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The Changing Landscape of Muslims in America: A Survey on Interfaith Marriages
A survey on interfaith marriages of young adult Muslims in America is lacking. In line with interfaith marriage survey outcomes of other major religions, we report that about 45% of young adult Muslims in America are marring outside their faith.
For our marriage survey, common family names of Muslims were picked from the Macy’s marriage registry (7). Though individual’s religious preference was not verified, the consistency of results across these common family names gives validity to our conclusions. The results clearly show, in line with findings of other faiths, that 45% these Muslim-Americans have selected a non-Muslim as their life partner.
Last name Khan Ali Ahmed Total
Total Marriages 238 149 109 496
To non-Muslims 108 72 44 224
% 45 48 40 45
This survey covered 230 males and 266 females with three very common Muslim last names, Khan, Ali and Ahmed, who planned to marry or recently married. Of these, the percentage of male and female Muslims plan to marry or married to non-Muslims was exactly same (45.2% and 45.1%, respectively)
Historically in India and Pakistan, interfaith marriages of Muslims to Dharmics are low due to fundamental religious differences and community pressure. In this survey, we found that 1 out of 23 young adult Muslims on this list married to a Dharmic. Furthermore, the percent of males and females Muslims married to a Dharmic was the same (4.3% and 4.5%, respectively)
We project that most young adult Muslims covered in our survey are educated and second generation immigrants. It is expected that an interfaith marriage survey outcome of the first generation immigrant Muslims would reflect normal practices in their home countries and will be different than what we have observed here.
In general, increased interfaith marriages are due to increased globalization and increased secularization (8). Today’s young Muslims who grew up as a minority religion in American schools and are continuously exposed to multicultural open societies as portrayed by the media or as experienced in colleges have more chance of selecting their life-mates outside their own faith.
Fundamental religious beliefs between Islam and other faiths (9, 10) could certainly bring complexities to many interfaith marriages. In most Islamic communities it is believed that a marriage must be “accepted”
For marriage, not all Christians or Jews marrying to a Muslim have to convert to Islam because there is flexibility in Islam for a man to marry a Christian or Jew without conversion, as they are considered, al-kitab, or “People of Book.” However, Islamic women are forbidden to marry outside the faith. This can be overcome if the non-Muslim boy friend converts to Islam before the Nikaah. A different set of rule applies for Dharmics or other “People Not of Book.” For example, any male or female Hindu intended spouse must convert to Islam before the Nikaah. Above are Islamic rules and communities’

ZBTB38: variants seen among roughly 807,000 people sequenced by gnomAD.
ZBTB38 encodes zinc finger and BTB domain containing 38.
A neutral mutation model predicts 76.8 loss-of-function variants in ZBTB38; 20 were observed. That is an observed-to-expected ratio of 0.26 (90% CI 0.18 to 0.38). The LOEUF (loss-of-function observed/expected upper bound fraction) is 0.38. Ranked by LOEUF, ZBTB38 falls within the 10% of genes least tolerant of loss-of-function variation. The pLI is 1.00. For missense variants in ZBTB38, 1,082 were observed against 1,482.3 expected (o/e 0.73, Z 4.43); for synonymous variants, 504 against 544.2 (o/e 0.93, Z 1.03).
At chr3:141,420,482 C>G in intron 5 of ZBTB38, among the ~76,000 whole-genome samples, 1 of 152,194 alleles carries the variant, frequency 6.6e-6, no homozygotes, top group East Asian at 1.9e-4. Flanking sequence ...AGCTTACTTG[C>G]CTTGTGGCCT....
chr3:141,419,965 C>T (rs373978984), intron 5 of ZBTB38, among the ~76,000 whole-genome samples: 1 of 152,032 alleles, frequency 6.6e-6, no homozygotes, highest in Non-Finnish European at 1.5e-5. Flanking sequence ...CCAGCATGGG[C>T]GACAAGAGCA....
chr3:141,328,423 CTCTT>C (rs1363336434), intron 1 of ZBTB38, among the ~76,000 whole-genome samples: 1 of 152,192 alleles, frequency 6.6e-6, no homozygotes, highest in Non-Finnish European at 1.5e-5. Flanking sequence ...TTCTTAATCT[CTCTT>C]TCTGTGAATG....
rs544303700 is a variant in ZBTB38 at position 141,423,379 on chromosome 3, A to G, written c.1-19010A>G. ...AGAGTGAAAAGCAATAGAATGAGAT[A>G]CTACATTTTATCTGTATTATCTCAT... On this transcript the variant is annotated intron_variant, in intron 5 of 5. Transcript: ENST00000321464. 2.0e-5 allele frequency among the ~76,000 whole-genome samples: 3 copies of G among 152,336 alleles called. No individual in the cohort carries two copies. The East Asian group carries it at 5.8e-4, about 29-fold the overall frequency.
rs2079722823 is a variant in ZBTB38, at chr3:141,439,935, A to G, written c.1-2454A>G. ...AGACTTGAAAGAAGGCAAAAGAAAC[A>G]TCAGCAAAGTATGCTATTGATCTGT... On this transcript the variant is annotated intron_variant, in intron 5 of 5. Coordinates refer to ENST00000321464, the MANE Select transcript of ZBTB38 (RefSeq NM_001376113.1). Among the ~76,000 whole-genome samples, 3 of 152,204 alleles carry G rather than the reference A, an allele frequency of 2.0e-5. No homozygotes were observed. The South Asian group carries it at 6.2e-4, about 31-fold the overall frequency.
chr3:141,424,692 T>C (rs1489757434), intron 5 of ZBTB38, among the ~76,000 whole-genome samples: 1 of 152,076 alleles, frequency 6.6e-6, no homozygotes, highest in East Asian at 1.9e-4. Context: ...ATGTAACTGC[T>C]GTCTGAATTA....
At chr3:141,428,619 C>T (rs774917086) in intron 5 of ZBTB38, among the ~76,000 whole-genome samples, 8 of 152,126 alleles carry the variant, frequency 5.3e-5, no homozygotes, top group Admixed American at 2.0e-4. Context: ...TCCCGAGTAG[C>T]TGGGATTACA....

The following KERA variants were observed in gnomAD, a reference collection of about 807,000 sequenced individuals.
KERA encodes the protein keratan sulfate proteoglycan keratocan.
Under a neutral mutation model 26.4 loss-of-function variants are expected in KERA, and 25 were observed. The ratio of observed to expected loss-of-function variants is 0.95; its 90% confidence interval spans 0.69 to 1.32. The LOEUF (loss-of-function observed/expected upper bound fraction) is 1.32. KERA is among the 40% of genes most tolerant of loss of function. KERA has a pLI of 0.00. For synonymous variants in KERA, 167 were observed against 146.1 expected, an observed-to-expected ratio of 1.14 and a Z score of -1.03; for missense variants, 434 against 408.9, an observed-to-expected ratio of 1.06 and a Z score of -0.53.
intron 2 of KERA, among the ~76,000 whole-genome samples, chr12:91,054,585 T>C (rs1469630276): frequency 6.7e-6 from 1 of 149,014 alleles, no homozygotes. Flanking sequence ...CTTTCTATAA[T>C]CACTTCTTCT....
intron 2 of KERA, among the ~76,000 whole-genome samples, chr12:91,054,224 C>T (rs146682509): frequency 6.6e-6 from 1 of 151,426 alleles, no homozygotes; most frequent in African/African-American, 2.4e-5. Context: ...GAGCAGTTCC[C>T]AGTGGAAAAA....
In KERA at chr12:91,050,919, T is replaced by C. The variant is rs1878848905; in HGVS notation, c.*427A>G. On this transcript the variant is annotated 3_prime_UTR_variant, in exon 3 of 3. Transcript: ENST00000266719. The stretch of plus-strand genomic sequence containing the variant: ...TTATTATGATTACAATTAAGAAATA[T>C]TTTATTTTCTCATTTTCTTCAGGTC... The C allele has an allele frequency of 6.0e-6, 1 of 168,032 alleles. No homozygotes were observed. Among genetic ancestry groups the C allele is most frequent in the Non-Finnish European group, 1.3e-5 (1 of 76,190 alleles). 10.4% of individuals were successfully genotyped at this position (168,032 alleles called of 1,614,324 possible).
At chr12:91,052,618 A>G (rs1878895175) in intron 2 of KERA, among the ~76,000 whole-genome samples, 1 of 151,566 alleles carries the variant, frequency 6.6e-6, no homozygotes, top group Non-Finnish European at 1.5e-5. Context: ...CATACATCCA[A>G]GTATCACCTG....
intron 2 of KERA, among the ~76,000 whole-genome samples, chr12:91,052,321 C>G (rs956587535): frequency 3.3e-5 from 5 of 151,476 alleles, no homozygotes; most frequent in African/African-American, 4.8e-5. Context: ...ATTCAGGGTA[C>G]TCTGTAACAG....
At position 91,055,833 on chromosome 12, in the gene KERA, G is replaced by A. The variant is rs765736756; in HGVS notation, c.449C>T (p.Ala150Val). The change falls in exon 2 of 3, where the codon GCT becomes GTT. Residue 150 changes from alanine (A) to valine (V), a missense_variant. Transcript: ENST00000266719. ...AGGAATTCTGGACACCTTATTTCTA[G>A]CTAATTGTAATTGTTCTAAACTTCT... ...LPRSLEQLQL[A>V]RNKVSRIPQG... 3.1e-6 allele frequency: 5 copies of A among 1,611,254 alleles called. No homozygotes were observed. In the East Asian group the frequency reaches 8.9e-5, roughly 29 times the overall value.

After the marriage, it remains to be seen how many of these newly married interfaith couples will manage their fundamental religious differences and expectations. Young adults should understand that any religious commitment for marriage is not a hollow ritual devoid of any meaning or consequences. Let’s take Muslim-Christian marriage as an example. As per the Shahadah oath to convert to Islam for Nikaah, one accepts and declares that there is only one God and Muhammad is his messenger. Further, one acknowledges that associating God to humans and declaring Jesus as his son is the greatest of all sins. Similarly, Baptism before a church wedding means conversion to Christianity and a commitment to repudiate former practices and to have faith in Christ and belief in the trinity. One must decide what is the real intention of the conversion (11).
The challenges will get even harder when time comes to decide the religious fate of children for the inter-religious couple. For example, the Islamic law requires that children of mixed marriages must have Sunat, religious circumcision, and be raised in the Islamic faith only (12). A Jew may expect child to have a Bris ceremony to announce the child as a Jew (13). In Christian denomination, a child is dedicated to Jesus by sprinkling water Baptism, and later when the child is older chooses to accept Jesus as his savior he would decide to have an immersion Baptism. Communication on where each individual stands on what their expectations are for self, spouse, and raising kids, in addition to what compromises they are willing make may give couples the strength to overcome challenges.
Spouse’s religious belief and commitment may bring clashes later in married life. A common belief in old times was that those who engage in marriage outside of their faith do not have strong beliefs in their own faith (8). Even today, those who have a strong conviction for their own faith may by default not even consider a potential spouse outside their own faith. On the other extreme, for an atheist in a relationship with a person with strong religious beliefs may bring conflict on faith issues. For a true non-religious person, an interfaith marriage is less an issue. However, in most cases, the strength of one’s religious beliefs evolves over the years as one approaches marriage age and more so when the couple reaches to the parental stage. It is hope that all young love-birds think through all these religious complexities before committing to an interfaith relationship.
Page Updated Last on: Nov 02, 2009